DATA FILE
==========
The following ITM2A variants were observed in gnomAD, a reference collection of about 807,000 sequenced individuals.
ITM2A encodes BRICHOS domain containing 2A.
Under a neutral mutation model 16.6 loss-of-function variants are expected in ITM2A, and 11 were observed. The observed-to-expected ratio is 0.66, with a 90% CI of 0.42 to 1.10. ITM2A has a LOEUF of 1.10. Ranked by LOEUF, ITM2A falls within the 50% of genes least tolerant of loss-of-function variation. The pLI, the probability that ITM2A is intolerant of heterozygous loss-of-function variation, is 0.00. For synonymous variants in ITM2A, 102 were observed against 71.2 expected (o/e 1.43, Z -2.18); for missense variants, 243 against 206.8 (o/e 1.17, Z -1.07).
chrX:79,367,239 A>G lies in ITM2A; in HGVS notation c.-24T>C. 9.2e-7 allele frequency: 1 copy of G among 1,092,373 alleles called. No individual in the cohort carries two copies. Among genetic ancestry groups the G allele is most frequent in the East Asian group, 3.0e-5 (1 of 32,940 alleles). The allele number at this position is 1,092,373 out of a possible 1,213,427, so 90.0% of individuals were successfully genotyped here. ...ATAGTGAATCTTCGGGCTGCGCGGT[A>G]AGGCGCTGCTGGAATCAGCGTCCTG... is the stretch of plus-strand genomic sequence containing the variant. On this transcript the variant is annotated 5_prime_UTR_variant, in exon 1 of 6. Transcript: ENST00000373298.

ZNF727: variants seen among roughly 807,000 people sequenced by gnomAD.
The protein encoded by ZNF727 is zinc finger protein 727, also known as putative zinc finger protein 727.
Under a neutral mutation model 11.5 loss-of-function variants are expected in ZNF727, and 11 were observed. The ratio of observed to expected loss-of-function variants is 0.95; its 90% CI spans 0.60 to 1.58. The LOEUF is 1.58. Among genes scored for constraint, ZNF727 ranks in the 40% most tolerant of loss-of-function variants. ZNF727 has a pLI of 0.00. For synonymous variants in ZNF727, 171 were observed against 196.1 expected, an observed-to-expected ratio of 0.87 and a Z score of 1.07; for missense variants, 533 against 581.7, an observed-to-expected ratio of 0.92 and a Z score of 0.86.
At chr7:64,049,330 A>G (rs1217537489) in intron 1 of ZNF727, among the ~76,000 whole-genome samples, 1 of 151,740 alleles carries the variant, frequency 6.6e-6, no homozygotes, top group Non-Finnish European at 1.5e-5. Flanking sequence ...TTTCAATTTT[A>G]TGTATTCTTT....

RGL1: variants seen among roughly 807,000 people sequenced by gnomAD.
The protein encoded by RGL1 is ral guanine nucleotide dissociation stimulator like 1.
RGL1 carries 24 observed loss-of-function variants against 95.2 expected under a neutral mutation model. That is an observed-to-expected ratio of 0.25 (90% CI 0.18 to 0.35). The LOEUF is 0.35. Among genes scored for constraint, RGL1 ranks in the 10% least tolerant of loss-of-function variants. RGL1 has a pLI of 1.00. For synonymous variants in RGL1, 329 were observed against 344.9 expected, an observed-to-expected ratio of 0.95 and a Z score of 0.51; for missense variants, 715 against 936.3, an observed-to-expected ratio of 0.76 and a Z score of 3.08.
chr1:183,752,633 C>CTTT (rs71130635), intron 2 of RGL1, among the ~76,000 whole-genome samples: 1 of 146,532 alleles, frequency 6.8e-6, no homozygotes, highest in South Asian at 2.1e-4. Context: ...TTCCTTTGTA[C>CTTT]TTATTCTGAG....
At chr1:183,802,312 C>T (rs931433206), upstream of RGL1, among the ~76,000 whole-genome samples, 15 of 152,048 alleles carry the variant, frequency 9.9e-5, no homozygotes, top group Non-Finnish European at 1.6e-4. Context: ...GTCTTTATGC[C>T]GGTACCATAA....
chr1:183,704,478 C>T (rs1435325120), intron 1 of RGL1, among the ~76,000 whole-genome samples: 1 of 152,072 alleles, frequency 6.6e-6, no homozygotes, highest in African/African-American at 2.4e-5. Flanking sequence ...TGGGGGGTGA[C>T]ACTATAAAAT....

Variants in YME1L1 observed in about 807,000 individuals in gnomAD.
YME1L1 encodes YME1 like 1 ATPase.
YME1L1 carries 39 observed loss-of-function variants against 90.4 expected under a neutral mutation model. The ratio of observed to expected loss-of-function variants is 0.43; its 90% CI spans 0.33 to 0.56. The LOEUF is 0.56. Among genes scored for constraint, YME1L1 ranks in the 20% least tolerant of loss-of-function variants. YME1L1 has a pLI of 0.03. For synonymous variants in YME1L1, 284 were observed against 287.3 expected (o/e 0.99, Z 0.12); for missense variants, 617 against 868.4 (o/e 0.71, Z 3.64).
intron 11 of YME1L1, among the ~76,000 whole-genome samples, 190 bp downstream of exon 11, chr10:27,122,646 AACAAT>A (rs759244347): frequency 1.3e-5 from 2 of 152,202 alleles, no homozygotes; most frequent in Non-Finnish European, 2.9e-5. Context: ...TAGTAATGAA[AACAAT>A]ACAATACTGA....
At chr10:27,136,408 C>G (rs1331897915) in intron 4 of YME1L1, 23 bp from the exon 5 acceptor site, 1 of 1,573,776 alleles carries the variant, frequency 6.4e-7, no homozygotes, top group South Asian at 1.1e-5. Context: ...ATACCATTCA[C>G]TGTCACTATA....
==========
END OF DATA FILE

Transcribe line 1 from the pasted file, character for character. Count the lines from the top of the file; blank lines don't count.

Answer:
The following ITM2A variants were observed in gnomAD, a reference collection of about 807,000 sequenced individuals.